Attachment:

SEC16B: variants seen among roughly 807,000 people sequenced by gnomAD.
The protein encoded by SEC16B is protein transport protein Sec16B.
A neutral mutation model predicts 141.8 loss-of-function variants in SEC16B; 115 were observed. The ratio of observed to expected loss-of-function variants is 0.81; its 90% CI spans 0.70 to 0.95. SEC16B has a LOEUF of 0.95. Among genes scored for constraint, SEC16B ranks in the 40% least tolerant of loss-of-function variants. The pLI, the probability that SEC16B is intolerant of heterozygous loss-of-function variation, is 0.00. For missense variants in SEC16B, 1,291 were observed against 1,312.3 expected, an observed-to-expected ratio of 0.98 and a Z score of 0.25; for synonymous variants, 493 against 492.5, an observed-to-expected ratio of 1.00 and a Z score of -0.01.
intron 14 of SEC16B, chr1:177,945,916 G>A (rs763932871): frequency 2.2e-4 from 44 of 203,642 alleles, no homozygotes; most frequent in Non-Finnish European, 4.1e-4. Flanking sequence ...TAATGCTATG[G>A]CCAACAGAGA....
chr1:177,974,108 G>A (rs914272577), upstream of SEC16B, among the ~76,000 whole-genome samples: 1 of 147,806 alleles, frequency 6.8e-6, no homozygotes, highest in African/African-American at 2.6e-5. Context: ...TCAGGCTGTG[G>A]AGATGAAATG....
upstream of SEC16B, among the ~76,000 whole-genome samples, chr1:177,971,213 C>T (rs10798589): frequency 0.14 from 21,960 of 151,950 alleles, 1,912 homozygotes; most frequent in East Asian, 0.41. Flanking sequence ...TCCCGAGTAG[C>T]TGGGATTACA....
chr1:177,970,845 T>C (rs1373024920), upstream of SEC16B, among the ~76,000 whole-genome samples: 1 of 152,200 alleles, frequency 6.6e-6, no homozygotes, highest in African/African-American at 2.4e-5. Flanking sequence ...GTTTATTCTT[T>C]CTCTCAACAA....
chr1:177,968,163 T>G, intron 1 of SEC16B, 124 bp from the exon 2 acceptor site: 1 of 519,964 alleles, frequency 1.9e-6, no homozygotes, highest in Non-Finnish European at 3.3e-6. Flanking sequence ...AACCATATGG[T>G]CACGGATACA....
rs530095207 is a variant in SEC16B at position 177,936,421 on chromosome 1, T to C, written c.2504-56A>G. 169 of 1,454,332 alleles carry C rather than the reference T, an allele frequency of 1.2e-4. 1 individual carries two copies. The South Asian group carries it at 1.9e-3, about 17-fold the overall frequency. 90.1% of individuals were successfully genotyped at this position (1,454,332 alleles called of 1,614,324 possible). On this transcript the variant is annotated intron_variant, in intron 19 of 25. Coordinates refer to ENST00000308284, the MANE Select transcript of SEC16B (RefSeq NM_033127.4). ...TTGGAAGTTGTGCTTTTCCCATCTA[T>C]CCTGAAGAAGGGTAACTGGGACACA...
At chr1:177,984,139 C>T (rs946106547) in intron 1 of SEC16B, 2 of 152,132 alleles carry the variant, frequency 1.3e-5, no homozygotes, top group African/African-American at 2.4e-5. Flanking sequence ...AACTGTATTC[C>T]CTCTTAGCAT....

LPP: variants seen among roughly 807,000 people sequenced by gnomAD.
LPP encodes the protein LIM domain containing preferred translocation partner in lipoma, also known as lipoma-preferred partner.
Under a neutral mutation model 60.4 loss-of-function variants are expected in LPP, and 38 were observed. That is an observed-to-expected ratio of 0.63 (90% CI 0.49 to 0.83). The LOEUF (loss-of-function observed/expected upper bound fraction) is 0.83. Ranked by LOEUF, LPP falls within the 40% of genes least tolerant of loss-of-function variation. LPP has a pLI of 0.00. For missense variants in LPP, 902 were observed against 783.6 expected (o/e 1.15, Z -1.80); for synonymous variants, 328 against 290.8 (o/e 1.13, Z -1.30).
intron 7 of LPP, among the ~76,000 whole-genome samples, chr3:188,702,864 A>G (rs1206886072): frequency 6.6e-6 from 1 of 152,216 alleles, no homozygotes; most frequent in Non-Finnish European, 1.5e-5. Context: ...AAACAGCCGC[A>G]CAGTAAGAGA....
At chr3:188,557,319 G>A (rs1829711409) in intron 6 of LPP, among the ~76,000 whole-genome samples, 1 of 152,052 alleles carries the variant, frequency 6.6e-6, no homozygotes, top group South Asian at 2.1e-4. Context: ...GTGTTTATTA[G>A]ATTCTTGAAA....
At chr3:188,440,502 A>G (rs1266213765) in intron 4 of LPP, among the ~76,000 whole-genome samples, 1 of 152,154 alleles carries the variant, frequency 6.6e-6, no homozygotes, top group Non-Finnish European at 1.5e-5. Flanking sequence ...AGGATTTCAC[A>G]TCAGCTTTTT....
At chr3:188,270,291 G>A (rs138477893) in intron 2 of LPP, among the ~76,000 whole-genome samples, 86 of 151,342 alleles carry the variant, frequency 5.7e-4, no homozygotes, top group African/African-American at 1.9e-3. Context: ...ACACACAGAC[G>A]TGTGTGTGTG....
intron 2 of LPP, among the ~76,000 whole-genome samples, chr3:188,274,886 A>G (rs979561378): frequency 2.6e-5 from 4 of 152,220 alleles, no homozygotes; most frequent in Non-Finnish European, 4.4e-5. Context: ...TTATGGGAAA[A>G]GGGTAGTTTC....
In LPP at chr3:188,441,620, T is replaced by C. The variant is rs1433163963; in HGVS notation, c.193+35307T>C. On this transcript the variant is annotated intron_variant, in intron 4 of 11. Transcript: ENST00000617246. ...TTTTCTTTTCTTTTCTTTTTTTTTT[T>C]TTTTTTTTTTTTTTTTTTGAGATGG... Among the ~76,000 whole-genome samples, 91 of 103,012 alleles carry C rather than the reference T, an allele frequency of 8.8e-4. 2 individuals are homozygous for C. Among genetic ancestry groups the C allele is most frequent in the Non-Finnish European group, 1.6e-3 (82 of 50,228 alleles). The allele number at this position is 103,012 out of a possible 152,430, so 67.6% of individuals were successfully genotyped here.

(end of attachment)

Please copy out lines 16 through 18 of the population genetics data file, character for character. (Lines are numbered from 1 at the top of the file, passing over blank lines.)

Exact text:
At chr3:188,440,502 A>G (rs1266213765) in intron 4 of LPP, among the ~76,000 whole-genome samples, 1 of 152,154 alleles carries the variant, frequency 6.6e-6, no homozygotes, top group Non-Finnish European at 1.5e-5. Flanking sequence ...AGGATTTCAC[A>G]TCAGCTTTTT....
At chr3:188,270,291 G>A (rs138477893) in intron 2 of LPP, among the ~76,000 whole-genome samples, 86 of 151,342 alleles carry the variant, frequency 5.7e-4, no homozygotes, top group African/African-American at 1.9e-3. Context: ...ACACACAGAC[G>A]TGTGTGTGTG....
intron 2 of LPP, among the ~76,000 whole-genome samples, chr3:188,274,886 A>G (rs979561378): frequency 2.6e-5 from 4 of 152,220 alleles, no homozygotes; most frequent in Non-Finnish European, 4.4e-5. Context: ...TTATGGGAAA[A>G]GGGTAGTTTC....